ESPE Abstracts (2021) 94 P2-13

ESPE2021 ePoster Category 2 Adrenals and HPA Axis (57 abstracts)

Utilisation Of The I-CAH Registry As A Tool For Facilitating Health Quality Improvement Strategies- Results Of An International Survey Of Specialist Centres

Salma R. Ali 1,2 , Jillian Bryce 2 , Martin McMillan 2 , Michele O’Connell 3 , Justin H. Davies 4 & S. Faisal Ahmed 1,2

1Royal Hospital for Children, Glasgow, United Kingdom; 2University of Glasgow, Glasgow, United Kingdom; 3The Royal Children’s Hospital & Murdoch Children’s Research Institute, Melbourne, Australia; 4University Hospital Southampton, Southampton, United Kingdom

Background: Recent studies using data from the International Congenital Adrenal Hyperplasia (CAH) Registry ( (1), have provided valuable insight into the determinants of reported acute adrenal insufficiency (AI) related adverse events, demonstrating that the I-CAH Registry can be used as a tool to create clinical benchmarks in CAH care.

Methods: Care quality reports were created for 32 centres who participated in the previous I-CAH study (1), providing information on the quality of data in the Registry and the quality of CAH care, as reflected by sick day episodes and adrenal crises. An online survey was circulated to centre leads to obtain feedback regarding the content and structure of the reports.

Results: Of the 32 centres, 27 (84%) in 18 countries responded to the survey. 22 (82%) agreed that the I-CAH care quality report would lead to an improvement in their centre’s record of entering data in the I-CAH Registry, with 12 (45%) strongly agreeing and 10 (37%) somewhat agreeing; 5 (19%) centres neither agreed nor disagreed and none disagreed. Overall, 19 (70%) agreed that the report would help to improve the care of children with CAH at their centre, with 11 (41%) strongly agreeing; 6 (22%) neither agreed nor disagreed and 2 (7%) disagreed. 26 (96%) agreed that the report was useful to determine how their centre compares to other centres with regards to entering data into the Registry, with 16 (59%) and 10 (37%) strongly agreeing and somewhat agreeing, respectively; 1 (4%) neither agreed nor disagreed. Respondents were asked whether the report was useful to determine how their centre compares to other centres in looking after children with CAH, 21 (77%) agreed that the report was useful in this respect, 13 (48%) strongly agreed; 4 (15%) neither agreed nor disagreed and 2 (7%) somewhat disagreed. 19 (70%) stated that the amount of information in the report was satisfactory, 5 (19%) and 3 (11%) stated that there was too much or too little information, respectively.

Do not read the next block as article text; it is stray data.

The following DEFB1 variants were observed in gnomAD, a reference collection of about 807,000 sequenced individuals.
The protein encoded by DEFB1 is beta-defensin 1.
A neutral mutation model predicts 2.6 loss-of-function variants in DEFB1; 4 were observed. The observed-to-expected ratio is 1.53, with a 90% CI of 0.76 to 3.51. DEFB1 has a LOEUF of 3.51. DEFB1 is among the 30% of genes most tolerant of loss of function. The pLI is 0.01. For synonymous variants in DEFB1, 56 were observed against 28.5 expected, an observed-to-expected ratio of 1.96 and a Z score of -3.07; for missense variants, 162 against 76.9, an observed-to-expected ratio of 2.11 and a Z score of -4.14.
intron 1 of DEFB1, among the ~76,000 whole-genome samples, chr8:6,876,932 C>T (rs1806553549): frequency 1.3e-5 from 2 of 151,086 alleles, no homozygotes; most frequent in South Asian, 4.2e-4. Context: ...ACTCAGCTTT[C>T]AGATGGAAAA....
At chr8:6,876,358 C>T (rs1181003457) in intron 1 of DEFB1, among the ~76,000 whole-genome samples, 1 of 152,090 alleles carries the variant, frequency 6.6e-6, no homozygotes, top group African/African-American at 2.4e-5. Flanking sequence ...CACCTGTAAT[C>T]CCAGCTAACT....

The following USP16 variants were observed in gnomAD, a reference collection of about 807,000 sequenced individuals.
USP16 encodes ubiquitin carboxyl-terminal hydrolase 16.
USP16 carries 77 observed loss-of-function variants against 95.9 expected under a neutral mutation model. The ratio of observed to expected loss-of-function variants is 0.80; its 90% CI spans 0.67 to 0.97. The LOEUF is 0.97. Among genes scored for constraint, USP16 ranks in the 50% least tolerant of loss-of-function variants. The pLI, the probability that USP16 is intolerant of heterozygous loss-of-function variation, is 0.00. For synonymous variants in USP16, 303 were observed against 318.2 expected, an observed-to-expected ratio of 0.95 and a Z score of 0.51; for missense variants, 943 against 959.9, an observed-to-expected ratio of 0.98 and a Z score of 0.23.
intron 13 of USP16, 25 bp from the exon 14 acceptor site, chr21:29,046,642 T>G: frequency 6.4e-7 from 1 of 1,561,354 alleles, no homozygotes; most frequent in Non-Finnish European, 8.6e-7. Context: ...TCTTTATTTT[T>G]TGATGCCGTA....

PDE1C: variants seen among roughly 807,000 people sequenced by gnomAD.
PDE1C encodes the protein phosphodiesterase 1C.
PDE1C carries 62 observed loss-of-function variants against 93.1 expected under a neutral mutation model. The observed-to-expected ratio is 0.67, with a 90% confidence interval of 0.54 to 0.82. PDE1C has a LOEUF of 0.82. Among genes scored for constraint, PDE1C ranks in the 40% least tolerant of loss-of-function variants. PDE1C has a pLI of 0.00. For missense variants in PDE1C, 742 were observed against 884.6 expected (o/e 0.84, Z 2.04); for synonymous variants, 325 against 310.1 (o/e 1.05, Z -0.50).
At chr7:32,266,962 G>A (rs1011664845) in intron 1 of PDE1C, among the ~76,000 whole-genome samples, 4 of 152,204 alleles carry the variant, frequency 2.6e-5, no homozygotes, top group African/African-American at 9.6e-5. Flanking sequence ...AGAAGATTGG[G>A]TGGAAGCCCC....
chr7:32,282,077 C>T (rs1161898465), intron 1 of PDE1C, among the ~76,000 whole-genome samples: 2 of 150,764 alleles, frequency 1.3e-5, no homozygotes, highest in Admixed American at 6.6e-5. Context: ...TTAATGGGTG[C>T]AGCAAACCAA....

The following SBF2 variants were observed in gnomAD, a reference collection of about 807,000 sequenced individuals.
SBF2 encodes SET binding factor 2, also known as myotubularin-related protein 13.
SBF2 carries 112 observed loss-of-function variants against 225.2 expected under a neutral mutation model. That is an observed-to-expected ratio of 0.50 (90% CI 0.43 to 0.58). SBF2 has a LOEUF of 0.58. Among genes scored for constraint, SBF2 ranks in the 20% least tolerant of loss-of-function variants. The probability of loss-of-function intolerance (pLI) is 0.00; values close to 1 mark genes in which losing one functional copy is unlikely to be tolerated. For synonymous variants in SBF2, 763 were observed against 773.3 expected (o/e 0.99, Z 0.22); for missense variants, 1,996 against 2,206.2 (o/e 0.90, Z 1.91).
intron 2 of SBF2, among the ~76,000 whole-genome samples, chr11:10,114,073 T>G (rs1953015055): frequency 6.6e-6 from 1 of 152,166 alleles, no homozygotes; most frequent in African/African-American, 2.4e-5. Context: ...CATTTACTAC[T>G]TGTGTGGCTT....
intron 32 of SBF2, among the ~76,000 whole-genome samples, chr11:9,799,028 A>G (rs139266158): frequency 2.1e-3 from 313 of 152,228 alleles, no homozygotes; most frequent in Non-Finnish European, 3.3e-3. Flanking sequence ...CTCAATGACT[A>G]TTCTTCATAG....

Conclusions: The real world data within the I-CAH registry are a valuable resource for studying core clinical outcomes that can be used as benchmarks for improving clinical care. Further work needs to be undertaken to determine whether the exercise of producing regular care quality reports for centres is associated with an improvement in these benchmarks.

1. Ali SR et al. Real-world estimates of AI-related adverse events in children with CAH. J Clin Endocrinol Metab. 2021;106: e192-e203

Volume 94

59th Annual ESPE (ESPE 2021 Online)

22 Sep 2021 - 26 Sep 2021

European Society for Paediatric Endocrinology 

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